An important challenge for MVPA is to account for variables that differ between conditions on an individual participant basis, such as differences in RT (Woolgar et al., 2014; Todd et al., 2013). Because MVPA is usually carried out at the level of individual participants, with a directionless summary statistic (e.g., classification accuracy) taken to the second level, any effect of difficulty, effort, attention, time on task, trial order (etc.) will not average out at the group level. This may be a particular concern in regions such as the MD and DMN networks, which are known to show different overall activity levels according to task demand. It is difficult to estimate the extent to which these factors have contributed to the data analyzed here. Some of the included studies matched their conditions for difficulty (e.g., Zhang et al., 2013), explicitly accounted for differences in RT in their analysis (e.g., Woolgar, Thompson, et al., 2011), or used designs in which difficulty was unlikely to artifactually drive coding (e.g., passive viewing, Kaplan & Meyer, 2012), but many did not. Other studies sought to account for univariate effects of difficulty that could drive multivariate results, for example, by normalizing the multivoxel patterns to remove overall activation differences between conditions at the level of individual participants (e.g., Gilbert, 2011). However, because the effect of difficulty would not necessarily manifest as an overall activation difference, this could still fail to remove the effect of difficulty on decoding. In our stricter analysis, we excluded analyses in which there was an obvious difference in difficulty between discriminated conditions, but most studies did not report whether there were any differences between conditions on an individual participant basis. Note, though, that we have previously examined the extent to which trial by trial differences in RT contribute to decoding in empirical data and found the contribution to be minor (Crittenden et al., 2015; Erez & Duncan, 2015; Woolgar et al., 2014).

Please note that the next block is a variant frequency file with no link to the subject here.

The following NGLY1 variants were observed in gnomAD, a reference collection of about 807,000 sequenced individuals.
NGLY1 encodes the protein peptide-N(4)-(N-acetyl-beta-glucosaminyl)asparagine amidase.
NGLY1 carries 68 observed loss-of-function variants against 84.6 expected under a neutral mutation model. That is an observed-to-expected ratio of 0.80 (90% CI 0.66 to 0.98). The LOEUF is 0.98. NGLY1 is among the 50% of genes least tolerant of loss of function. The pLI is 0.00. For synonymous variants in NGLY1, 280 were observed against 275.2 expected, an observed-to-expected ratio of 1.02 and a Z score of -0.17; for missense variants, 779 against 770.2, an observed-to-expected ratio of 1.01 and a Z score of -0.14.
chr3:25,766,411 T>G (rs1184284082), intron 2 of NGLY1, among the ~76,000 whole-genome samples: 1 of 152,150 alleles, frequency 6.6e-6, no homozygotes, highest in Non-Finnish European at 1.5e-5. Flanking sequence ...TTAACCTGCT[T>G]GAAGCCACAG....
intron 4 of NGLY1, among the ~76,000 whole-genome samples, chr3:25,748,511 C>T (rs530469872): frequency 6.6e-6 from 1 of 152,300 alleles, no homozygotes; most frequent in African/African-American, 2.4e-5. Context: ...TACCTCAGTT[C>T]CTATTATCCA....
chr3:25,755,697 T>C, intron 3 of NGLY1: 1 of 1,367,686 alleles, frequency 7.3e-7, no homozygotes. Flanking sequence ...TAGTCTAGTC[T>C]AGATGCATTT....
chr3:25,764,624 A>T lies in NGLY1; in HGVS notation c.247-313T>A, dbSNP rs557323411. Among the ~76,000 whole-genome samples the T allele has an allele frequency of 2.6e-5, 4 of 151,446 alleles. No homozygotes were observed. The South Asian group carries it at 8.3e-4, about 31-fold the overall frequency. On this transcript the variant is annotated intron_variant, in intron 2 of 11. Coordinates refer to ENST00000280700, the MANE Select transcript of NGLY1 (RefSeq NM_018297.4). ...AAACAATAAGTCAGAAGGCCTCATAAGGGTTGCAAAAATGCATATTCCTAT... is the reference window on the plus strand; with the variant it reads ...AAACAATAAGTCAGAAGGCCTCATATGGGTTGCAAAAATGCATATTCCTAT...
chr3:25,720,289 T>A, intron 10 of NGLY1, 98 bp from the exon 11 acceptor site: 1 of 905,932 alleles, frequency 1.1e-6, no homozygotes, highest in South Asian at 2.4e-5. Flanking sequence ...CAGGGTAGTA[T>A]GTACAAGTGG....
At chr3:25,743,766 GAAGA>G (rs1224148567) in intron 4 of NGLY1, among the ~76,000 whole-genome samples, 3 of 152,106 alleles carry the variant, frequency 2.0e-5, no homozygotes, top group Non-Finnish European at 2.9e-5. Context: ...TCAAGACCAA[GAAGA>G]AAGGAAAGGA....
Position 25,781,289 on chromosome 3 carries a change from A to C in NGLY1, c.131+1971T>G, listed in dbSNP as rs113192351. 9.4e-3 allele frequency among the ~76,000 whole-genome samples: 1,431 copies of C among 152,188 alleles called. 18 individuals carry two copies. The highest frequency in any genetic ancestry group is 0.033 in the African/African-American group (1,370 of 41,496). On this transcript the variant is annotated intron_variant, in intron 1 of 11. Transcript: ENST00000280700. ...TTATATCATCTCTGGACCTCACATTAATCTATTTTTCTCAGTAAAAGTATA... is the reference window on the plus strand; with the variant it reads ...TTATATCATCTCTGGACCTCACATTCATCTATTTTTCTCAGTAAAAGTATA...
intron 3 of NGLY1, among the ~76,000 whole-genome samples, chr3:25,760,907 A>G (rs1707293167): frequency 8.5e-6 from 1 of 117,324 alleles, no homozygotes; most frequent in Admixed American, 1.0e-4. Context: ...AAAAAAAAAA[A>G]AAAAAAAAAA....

We summarized 100 independent analyses, reported in 57 published papers, that isolated the multivoxel representation of visual and auditory sensory input, task rules, or motor output. The results confirm the power of the MVPA method, with predominant coding of visual, auditory, and response distinctions in the expected sensory and motor regions. Outside sensory and motor areas, the results were also structured, with a specific network of frontal and parietal regions involved in coding several different types of information. Consistent with the observation of similar frontoparietal activity across many tasks and the suggestion that neurons in these regions adapt their function as needed for current behavior (Duncan 2001), frontoparietal cortex codes information from across sensory and task domains.

Acknowledgments

This work was supported by the Australian Research Council's (ARC) Discovery Projects funding scheme (grant no. DP12102835 to A. W. and J. D.). A. W. is a recipient of an ARC Fellowship (Discovery Early Career Researcher Award, DECRA, grant no. DE120100898), J. J. is a recipient of an International Macquarie University Research Excellence Scholarship, and J. D. is supported by the Medical Research Council (United Kingdom) intramural program (grant no. MC-A060-5PQ10). The authors thank Jonathan Power for providing the canonical partition of resting state networks.

Reprint requests should be sent to Alexandra Woolgar, Perception in Action Research Centre and Department of Cognitive Science, Macquarie University, Sydney, New South Wales 2109, Australia, or via e-mail: alexandra.woolgar@mq.edu.au.

Note

1. 

In two cases, coordinates were not reported, but a list of peaks was sent by e-mail to AW.